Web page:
Adams next objects to the magistrate judge's statement that Adams did not allege that he submitted any other grievance that he properly pursued through all three steps of the grievance process. (See R & R, ECF No. 20 at PageID.112.) Adams contends that he did submit a Step I grievance for bruises on his left hand, but then he was again transferred to another facility. (Objections, ECF No. 24 at PageID.125.) Thus, there was nothing incorrect about the magistrate judge's statement-Adams did not properly pursue any other grievance through all three steps of the grievance process, as he stopped after Step I.

         Finally, Adams objects to the magistrate judge's recommendation that his claims be dismissed against the unidentified officers for failure to effectuate service. Adams argues that because he was granted in forma pauperis status and the U.S. Marshal Service has made no comment regarding the location of the unknown Defendants, he should be granted discovery and time to identify the unknown officers. However, as the magistrate judge pointed out, at the time that the R & R was submitted, Adams had neither requested an extension of time nor requested assistance in learning the identity of the two unknown Defendants.

         Under Federal Rule of Civil Procedure 4(m), Adams had 90 days from the filing of his complaint to serve the unidentified Defendants. Only if Adams shows “good cause for the failure” to effectuate service, must the court extend the time for service. Id. Adams has not shown good cause. Nearly six months passed between the time the Court ordered service of the complaint and when the R & R was submitted, and in that time, Adams did nothing to discover the identities of the two unknown officers to aid the U.S. Marshals in locating Defendants for service. “Although the Marshal had a duty to serve [the unidentified Defendants], Plaintiff could not sit by in silence when he knew that service had not been executed.” VanDiver v. Martin, 304 F.Supp.2d 934, 943 (E.D. Mich. 2004).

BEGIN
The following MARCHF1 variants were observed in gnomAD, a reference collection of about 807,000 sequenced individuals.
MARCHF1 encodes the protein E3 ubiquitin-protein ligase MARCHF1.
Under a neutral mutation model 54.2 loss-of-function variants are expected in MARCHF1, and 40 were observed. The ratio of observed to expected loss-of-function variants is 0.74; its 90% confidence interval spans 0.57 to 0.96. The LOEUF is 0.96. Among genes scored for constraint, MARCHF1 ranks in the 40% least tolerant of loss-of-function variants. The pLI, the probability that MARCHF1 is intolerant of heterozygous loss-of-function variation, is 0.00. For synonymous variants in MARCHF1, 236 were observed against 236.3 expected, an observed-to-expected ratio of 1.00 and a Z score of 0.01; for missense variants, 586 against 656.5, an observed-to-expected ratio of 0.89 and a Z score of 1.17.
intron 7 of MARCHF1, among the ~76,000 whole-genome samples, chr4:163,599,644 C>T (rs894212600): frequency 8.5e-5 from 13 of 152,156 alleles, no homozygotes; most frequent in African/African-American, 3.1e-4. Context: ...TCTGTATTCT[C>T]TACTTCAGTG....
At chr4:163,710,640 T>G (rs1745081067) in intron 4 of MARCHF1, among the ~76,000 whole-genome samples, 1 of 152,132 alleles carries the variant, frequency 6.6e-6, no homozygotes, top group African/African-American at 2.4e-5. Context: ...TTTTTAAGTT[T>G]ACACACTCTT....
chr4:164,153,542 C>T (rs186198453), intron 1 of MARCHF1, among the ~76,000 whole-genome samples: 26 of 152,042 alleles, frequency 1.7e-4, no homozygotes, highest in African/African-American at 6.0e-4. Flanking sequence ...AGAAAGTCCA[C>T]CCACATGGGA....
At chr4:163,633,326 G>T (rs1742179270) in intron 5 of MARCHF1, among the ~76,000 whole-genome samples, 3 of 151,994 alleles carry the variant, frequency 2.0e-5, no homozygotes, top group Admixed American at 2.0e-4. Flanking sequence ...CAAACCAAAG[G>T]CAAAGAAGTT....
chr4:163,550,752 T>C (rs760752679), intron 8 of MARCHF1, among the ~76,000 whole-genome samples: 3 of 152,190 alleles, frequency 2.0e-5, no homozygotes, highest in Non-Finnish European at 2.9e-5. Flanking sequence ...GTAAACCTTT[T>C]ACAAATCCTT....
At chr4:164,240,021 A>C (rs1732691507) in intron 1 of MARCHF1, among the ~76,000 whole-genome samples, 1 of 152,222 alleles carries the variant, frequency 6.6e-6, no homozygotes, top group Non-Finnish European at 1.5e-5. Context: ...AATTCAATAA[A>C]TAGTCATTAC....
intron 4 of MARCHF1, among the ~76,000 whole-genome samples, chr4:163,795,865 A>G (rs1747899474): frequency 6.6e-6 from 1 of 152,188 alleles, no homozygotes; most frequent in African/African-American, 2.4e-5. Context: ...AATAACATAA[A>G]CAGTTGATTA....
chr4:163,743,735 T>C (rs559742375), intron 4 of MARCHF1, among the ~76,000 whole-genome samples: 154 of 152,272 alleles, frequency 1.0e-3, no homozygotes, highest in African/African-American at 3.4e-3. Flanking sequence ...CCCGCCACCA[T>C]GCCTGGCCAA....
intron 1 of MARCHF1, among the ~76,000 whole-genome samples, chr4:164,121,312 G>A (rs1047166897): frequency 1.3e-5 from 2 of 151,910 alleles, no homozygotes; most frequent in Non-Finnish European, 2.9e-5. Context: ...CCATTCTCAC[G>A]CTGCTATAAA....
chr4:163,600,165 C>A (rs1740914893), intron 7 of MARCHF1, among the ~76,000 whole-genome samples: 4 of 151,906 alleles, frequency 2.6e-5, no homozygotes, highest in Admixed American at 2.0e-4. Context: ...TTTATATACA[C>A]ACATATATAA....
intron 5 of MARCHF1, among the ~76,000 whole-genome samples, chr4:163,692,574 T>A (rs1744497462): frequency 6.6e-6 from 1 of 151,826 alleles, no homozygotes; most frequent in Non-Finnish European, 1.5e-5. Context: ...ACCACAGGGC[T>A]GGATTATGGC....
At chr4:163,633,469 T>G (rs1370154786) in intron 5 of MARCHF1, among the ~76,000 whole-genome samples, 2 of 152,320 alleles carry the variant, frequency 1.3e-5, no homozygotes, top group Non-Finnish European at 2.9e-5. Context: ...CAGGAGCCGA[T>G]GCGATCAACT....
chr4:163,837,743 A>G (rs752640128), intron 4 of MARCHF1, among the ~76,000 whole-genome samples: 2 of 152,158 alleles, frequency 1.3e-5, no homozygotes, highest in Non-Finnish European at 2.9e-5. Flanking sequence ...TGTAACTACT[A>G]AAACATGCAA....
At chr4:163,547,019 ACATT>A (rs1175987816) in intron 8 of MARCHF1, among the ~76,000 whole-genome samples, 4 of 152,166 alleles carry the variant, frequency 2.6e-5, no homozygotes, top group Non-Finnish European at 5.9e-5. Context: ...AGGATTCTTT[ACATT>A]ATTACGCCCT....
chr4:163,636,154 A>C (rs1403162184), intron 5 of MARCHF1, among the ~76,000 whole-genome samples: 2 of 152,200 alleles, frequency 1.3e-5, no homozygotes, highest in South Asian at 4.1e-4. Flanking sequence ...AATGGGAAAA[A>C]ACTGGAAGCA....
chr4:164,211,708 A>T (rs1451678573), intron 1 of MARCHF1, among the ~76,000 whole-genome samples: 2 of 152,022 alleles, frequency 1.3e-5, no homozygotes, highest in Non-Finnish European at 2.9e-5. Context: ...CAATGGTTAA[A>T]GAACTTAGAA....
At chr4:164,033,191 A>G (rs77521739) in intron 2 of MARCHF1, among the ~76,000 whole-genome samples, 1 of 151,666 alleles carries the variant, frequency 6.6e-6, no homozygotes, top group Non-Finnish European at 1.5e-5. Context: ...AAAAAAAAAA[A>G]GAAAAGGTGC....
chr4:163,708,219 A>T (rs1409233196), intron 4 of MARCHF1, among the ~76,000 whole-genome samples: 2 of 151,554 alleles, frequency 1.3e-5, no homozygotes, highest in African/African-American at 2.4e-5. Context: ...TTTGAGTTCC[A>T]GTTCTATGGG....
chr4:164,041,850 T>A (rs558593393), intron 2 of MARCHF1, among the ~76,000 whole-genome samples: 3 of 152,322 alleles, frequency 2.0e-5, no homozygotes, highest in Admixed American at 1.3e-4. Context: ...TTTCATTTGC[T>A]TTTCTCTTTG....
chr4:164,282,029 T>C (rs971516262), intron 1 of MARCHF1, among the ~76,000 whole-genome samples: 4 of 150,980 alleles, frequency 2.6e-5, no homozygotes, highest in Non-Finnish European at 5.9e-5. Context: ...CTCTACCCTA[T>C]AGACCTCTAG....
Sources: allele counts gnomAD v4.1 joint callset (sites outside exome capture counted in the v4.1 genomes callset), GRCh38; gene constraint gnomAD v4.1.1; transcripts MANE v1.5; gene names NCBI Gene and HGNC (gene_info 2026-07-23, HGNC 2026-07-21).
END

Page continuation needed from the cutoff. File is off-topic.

While [Adams] and other incarcerated plaintiffs proceeding in forma pauperis may rely on service by the U.S. Marshals, a plaintiff may not remain silent and do nothing to effectuate such service. At a minimum, a plaintiff should request service upon the appropriate defendant and attempt to remedy any apparent service defects of which a plaintiff has knowledge.

Rochon v. Dawson, 828 F.2d 1107, 1110 (5th Cir. 1987).

         THEREFORE, IT IS HEREBY ORDERED that the October 11, 2019, Report and Recommendation (ECF No. 20) is adopted as the Opinion of this Court. Plaintiff's Objections (ECF No. 24) are overruled.

         IT IS FURTHER ORDERED that Defendant Dobias's Motion for Summary Judgment Based on Failure to Exhaust (ECF No. 12) is granted. Plaintiff's claim against Defendant Dobias is dismissed without prejudice.

         IT IS FURTHER ORDERED that Plaintiff's claims against Unknown Parties #1 and #2 are dismissed without prejudice for failure to timely effectuate service.

         This case is concluded. A separate ...

Buy This Entire Record For $7.95

Download the entire decision to receive the complete text, official citation,
docket number, dissents and concurrences, and footnotes for this case.

Learn more about what you receive with purchase of this case.